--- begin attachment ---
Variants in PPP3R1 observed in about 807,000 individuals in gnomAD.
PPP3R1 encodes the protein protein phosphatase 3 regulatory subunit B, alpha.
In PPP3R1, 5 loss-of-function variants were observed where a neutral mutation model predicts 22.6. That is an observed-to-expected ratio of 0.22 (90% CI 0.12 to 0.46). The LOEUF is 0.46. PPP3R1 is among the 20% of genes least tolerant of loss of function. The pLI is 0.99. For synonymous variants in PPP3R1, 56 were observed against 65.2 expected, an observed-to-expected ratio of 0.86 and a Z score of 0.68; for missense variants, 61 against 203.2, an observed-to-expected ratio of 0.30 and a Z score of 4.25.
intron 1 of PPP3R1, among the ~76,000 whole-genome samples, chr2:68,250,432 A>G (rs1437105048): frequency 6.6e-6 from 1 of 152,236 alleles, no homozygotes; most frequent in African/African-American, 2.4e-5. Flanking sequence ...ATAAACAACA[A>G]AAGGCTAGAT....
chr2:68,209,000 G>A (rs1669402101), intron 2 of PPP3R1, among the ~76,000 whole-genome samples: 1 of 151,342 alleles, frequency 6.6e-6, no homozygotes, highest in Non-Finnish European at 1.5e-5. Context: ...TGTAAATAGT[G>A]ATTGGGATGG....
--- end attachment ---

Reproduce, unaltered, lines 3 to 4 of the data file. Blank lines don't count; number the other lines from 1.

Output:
In PPP3R1, 5 loss-of-function variants were observed where a neutral mutation model predicts 22.6. That is an observed-to-expected ratio of 0.22 (90% CI 0.12 to 0.46). The LOEUF is 0.46. PPP3R1 is among the 20% of genes least tolerant of loss of function. The pLI is 0.99. For synonymous variants in PPP3R1, 56 were observed against 65.2 expected, an observed-to-expected ratio of 0.86 and a Z score of 0.68; for missense variants, 61 against 203.2, an observed-to-expected ratio of 0.30 and a Z score of 4.25.
intron 1 of PPP3R1, among the ~76,000 whole-genome samples, chr2:68,250,432 A>G (rs1437105048): frequency 6.6e-6 from 1 of 152,236 alleles, no homozygotes; most frequent in African/African-American, 2.4e-5. Flanking sequence ...ATAAACAACA[A>G]AAGGCTAGAT....